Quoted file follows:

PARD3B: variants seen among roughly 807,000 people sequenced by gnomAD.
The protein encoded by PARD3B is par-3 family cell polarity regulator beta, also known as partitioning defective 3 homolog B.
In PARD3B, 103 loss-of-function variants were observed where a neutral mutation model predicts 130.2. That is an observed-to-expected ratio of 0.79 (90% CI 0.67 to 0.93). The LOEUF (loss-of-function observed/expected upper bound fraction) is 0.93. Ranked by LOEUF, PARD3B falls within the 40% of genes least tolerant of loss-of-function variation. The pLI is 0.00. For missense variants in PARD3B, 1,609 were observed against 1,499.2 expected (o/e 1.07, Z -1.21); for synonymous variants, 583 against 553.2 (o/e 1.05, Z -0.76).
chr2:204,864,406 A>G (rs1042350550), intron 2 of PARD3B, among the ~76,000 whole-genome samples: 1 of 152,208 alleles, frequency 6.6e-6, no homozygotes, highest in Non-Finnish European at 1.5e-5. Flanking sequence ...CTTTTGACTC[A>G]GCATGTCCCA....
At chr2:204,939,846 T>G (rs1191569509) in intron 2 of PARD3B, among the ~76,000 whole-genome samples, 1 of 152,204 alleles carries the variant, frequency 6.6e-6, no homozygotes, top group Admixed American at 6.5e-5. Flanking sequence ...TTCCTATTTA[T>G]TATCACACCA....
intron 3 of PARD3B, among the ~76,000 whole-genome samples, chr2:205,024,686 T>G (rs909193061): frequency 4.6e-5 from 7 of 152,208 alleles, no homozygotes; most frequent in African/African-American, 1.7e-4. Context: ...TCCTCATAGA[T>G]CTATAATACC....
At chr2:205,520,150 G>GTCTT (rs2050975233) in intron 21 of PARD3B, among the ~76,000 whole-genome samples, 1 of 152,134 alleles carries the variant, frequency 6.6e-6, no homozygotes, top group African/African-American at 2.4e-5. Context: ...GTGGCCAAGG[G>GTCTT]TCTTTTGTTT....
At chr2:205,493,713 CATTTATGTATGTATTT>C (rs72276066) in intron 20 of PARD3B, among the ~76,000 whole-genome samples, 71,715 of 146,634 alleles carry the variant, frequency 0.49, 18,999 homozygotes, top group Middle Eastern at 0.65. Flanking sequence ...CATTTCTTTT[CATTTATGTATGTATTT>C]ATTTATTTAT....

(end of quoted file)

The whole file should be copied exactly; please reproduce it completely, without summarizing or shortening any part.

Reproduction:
PARD3B: variants seen among roughly 807,000 people sequenced by gnomAD.
The protein encoded by PARD3B is par-3 family cell polarity regulator beta, also known as partitioning defective 3 homolog B.
In PARD3B, 103 loss-of-function variants were observed where a neutral mutation model predicts 130.2. That is an observed-to-expected ratio of 0.79 (90% CI 0.67 to 0.93). The LOEUF (loss-of-function observed/expected upper bound fraction) is 0.93. Ranked by LOEUF, PARD3B falls within the 40% of genes least tolerant of loss-of-function variation. The pLI is 0.00. For missense variants in PARD3B, 1,609 were observed against 1,499.2 expected (o/e 1.07, Z -1.21); for synonymous variants, 583 against 553.2 (o/e 1.05, Z -0.76).
chr2:204,864,406 A>G (rs1042350550), intron 2 of PARD3B, among the ~76,000 whole-genome samples: 1 of 152,208 alleles, frequency 6.6e-6, no homozygotes, highest in Non-Finnish European at 1.5e-5. Flanking sequence ...CTTTTGACTC[A>G]GCATGTCCCA....
At chr2:204,939,846 T>G (rs1191569509) in intron 2 of PARD3B, among the ~76,000 whole-genome samples, 1 of 152,204 alleles carries the variant, frequency 6.6e-6, no homozygotes, top group Admixed American at 6.5e-5. Flanking sequence ...TTCCTATTTA[T>G]TATCACACCA....
intron 3 of PARD3B, among the ~76,000 whole-genome samples, chr2:205,024,686 T>G (rs909193061): frequency 4.6e-5 from 7 of 152,208 alleles, no homozygotes; most frequent in African/African-American, 1.7e-4. Context: ...TCCTCATAGA[T>G]CTATAATACC....
At chr2:205,520,150 G>GTCTT (rs2050975233) in intron 21 of PARD3B, among the ~76,000 whole-genome samples, 1 of 152,134 alleles carries the variant, frequency 6.6e-6, no homozygotes, top group African/African-American at 2.4e-5. Context: ...GTGGCCAAGG[G>GTCTT]TCTTTTGTTT....
At chr2:205,493,713 CATTTATGTATGTATTT>C (rs72276066) in intron 20 of PARD3B, among the ~76,000 whole-genome samples, 71,715 of 146,634 alleles carry the variant, frequency 0.49, 18,999 homozygotes, top group Middle Eastern at 0.65. Flanking sequence ...CATTTCTTTT[CATTTATGTATGTATTT>C]ATTTATTTAT....